The temple doesn’t have lights, he says, and in the night he keeps a lit lampuwa, shining a tiny torch into the garden when he hears the elephants, to ward them off. Three weeks ago a mother of five children was charged and killed by an elephant when she went into the scrub jungle close to her home to tie up her cattle. Another person was trampled and injured. It was just three days ago that the children of the woman killed by the elephant called him around 9 a.m. and said, “Sadhu, Sadhu, watte ali innawa.” When he rushed to their humble home, there was an elephant near the coconut tree.

The monk stresses that ali prashna have increased in recent times, a view echoed by many villagers that the Sunday Times spoke to on the phone. The elephants rampage through the newly-sown kumburu (paddy fields), leaving a trail of destruction and forage among the jak and cashew trees, he says, adding that “ali, vee bonawa” (elephants drink paddy).

The elephants are getting chased from one village to the next. Sometimes there are about 20, at others 40 and sometimes even 70, says ven. Rathana Thera, pleading for electricity which has “come to the village but not to the temple”.

The tale of woe of R.M. Somaweera from Kaluwilapotana off the Kurunegala-Anuradhapura Road is similar. The elephants raid the kumburu and also the home gardens, he says, pointing out that they come from the 900-acre teak plantation across the road. The villagers, about 200 families, are house-bound after 7 p.m. as around 50 elephants take over the area. Five people have been killed by elephants in the past two years, says Somaweera, bringing to the fore not only the acceleration of the human-elephant conflict but also the need to manage and mitigate it.

The agony of the hunted jumbos

The humble people battered and bruised in the human-elephant conflict, at least can voice their opinion. What of the hapless elephants? Tragically, not only are they splattered with bullets, the wounds of which fester with maggots spilling out of them leading to agonizing death, but as a consequence of “development”, elephants are also driven from their habitats through translocations and drives which have proven to be futile. Just a glance through the newspapers will reveal the raw deal that these creatures have been dished out.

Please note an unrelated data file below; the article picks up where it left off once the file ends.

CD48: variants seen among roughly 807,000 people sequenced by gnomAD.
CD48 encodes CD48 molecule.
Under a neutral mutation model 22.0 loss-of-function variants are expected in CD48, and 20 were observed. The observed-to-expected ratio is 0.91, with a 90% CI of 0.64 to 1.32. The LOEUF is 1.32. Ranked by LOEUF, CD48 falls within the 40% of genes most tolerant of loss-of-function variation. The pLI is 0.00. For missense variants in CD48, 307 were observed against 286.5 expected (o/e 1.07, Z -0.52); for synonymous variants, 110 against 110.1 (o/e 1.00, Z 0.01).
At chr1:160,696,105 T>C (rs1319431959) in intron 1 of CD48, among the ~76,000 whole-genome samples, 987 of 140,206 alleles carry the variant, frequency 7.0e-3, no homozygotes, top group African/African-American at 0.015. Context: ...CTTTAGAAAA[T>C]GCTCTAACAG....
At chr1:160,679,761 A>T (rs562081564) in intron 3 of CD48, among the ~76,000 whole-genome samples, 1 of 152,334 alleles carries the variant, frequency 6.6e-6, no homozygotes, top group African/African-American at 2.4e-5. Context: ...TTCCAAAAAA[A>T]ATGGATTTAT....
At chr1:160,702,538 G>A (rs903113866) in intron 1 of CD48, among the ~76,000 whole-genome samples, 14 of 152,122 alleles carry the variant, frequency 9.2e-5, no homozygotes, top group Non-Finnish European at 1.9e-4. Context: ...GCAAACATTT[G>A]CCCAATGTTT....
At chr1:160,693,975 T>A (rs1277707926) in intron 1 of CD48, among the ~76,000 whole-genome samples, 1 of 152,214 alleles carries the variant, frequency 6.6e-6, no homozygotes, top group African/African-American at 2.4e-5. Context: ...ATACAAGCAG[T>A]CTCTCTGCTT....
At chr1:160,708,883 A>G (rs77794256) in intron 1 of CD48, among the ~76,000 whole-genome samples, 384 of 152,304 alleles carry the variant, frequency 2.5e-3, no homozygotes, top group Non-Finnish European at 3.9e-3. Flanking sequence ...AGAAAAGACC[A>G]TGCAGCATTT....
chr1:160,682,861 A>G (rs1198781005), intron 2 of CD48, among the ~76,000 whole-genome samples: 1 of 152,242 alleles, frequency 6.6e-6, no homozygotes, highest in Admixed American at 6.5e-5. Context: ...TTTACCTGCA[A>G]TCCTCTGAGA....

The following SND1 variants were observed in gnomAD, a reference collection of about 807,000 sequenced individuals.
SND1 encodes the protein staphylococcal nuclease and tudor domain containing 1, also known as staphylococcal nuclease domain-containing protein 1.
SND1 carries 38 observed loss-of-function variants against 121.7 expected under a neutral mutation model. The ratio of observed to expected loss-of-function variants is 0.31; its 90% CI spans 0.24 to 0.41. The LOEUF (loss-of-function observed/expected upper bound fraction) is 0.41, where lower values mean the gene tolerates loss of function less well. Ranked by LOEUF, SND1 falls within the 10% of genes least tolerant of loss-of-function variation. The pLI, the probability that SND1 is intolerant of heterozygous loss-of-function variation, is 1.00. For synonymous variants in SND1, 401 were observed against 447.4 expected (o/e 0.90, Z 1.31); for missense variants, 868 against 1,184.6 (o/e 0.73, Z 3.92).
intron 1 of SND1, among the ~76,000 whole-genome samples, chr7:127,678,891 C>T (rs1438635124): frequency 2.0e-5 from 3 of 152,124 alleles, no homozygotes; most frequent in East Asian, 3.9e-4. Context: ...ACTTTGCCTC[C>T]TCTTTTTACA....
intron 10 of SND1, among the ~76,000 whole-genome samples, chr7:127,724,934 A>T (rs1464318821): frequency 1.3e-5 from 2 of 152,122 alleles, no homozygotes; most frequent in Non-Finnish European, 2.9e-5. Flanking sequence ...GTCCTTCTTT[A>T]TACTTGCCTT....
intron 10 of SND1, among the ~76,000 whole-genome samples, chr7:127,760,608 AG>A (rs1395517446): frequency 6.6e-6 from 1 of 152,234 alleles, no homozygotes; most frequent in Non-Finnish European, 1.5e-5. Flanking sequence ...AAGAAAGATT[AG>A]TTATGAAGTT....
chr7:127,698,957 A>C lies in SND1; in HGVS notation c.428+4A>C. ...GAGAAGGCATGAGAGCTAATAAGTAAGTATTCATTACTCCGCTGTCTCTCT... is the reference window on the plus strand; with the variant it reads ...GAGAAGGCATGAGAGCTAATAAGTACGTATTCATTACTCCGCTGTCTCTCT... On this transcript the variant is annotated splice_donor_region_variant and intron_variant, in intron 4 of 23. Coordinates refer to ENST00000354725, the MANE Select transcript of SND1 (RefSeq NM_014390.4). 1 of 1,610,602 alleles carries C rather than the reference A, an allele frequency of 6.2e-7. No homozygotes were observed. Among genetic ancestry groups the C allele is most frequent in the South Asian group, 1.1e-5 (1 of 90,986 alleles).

It was a translocation that led to the death of the majestic Galgamuwa tusker. With five-foot tusks, it was believed to have had the longest tusks among Sri Lankan elephants in the wild. This tusker was being taken to a reserve after unproven allegations of killing people when the floor-boards of the lorry collapsed, causing fatal injuries to it.

The Sunday Times understands that subsequently the Department of Wildlife Conservation (DWC) decided to minimize translocations and drives. Dreadful as it was losing such an iconic animal, perhaps it was not in vain if that opens our eyes to the misery we pile upon these majestic animals in the name of development, a conservationist pointed out.

Another more recent elephant death at Kantale brings the conflict between elephants and development into sharper focus. ‘Loku Maama’ was one of the dominant breeding bulls at the famous ‘Gathering’ at Minneriya-Kaudulla. Many are those who have seen ‘Loku Maama’ up close near their safari-jeeps and marvelled at this huge pachyderm which was quite at ease with the hordes of visitors that throng the area annually.

‘Loku Maama’ was collared at Kaudulla on November 6, 2010, as part of an ongoing collaborative project between the Centre for Conservation and Research and the DWC to obtain information that can guide HEC mitigation. ‘Loku Maama’ roamed the Kaudulla area, visiting the herds, but with the onset of the rains he made his way to Kantale on January 24, this year. In the past few decades the vast Kantale paddy fields, abandoned due to the war, had turned into fertile grasslands where ‘Loku Maama’ and his cousins revelled. In his last foray there, however, he didn’t know a crucial change in dimension the area had taken.

Rapid but unplanned development following the end of the war had brought a new danger – the humans had come back. Not only were they laying claim to their former lands but they were also felling more forests and encroaching on state land without any plan or control, it is learnt.

‘Loku Maama’ who could not understand the transformation in the land he called home, was doomed. Felled by the fire from a cultivator’s gun, ‘Loku Maama’ breathed his last at 2.30 a.m. on February 19, closing another tragic chapter in the human-elephant conflict.